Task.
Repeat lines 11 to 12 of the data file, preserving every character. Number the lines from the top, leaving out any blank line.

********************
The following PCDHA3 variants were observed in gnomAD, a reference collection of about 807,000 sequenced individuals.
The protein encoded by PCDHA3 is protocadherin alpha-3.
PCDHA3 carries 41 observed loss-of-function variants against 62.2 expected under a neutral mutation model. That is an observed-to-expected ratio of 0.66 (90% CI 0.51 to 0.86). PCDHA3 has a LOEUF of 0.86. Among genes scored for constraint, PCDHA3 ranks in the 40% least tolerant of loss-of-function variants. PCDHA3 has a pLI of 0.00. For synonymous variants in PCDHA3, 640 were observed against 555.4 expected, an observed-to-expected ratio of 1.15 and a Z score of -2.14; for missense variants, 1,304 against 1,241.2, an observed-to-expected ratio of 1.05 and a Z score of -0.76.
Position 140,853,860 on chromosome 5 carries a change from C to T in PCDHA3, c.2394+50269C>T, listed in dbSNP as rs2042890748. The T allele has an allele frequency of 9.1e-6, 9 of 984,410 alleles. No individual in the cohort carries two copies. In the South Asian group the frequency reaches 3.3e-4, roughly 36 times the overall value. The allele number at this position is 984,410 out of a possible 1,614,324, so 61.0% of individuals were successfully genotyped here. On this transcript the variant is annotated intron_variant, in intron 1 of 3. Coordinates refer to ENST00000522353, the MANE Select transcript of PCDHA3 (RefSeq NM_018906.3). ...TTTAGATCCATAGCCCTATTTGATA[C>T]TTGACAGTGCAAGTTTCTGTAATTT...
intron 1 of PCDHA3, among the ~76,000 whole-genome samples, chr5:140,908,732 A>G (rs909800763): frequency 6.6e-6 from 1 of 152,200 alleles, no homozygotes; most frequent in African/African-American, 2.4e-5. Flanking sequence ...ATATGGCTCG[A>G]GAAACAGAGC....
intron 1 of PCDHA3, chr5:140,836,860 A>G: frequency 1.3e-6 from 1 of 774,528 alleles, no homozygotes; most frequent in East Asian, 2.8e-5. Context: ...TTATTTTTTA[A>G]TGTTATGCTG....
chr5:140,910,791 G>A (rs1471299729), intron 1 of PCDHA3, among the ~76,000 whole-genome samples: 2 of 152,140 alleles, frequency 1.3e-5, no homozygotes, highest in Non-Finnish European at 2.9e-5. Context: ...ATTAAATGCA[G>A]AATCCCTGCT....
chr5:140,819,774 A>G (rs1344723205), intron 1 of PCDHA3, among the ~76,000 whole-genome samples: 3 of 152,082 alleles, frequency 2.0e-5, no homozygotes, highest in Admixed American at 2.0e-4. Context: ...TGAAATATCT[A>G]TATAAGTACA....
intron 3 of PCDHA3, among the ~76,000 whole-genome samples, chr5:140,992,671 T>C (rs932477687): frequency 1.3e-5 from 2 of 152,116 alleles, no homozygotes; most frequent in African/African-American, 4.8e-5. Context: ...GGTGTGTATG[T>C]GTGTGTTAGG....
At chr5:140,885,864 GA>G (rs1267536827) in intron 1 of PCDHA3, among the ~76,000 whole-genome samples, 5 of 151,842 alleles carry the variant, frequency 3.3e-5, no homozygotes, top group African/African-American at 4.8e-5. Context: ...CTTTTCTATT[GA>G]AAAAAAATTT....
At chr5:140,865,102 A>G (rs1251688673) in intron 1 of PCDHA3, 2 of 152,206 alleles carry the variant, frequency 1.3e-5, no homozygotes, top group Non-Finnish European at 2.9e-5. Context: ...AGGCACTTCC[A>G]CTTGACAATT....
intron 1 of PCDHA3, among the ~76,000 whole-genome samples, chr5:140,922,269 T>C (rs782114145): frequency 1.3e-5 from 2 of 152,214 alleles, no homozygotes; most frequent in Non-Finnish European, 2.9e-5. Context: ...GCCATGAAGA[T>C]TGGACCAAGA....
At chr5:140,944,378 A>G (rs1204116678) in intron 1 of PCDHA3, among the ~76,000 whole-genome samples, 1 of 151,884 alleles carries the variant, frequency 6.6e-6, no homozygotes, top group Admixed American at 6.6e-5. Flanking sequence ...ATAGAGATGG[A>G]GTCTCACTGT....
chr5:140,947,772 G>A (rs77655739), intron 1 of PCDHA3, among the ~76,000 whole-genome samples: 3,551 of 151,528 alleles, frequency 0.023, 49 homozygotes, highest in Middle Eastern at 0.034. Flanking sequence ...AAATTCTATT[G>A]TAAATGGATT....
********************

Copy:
At chr5:140,865,102 A>G (rs1251688673) in intron 1 of PCDHA3, 2 of 152,206 alleles carry the variant, frequency 1.3e-5, no homozygotes, top group Non-Finnish European at 2.9e-5. Context: ...AGGCACTTCC[A>G]CTTGACAATT....
intron 1 of PCDHA3, among the ~76,000 whole-genome samples, chr5:140,922,269 T>C (rs782114145): frequency 1.3e-5 from 2 of 152,214 alleles, no homozygotes; most frequent in Non-Finnish European, 2.9e-5. Context: ...GCCATGAAGA[T>C]TGGACCAAGA....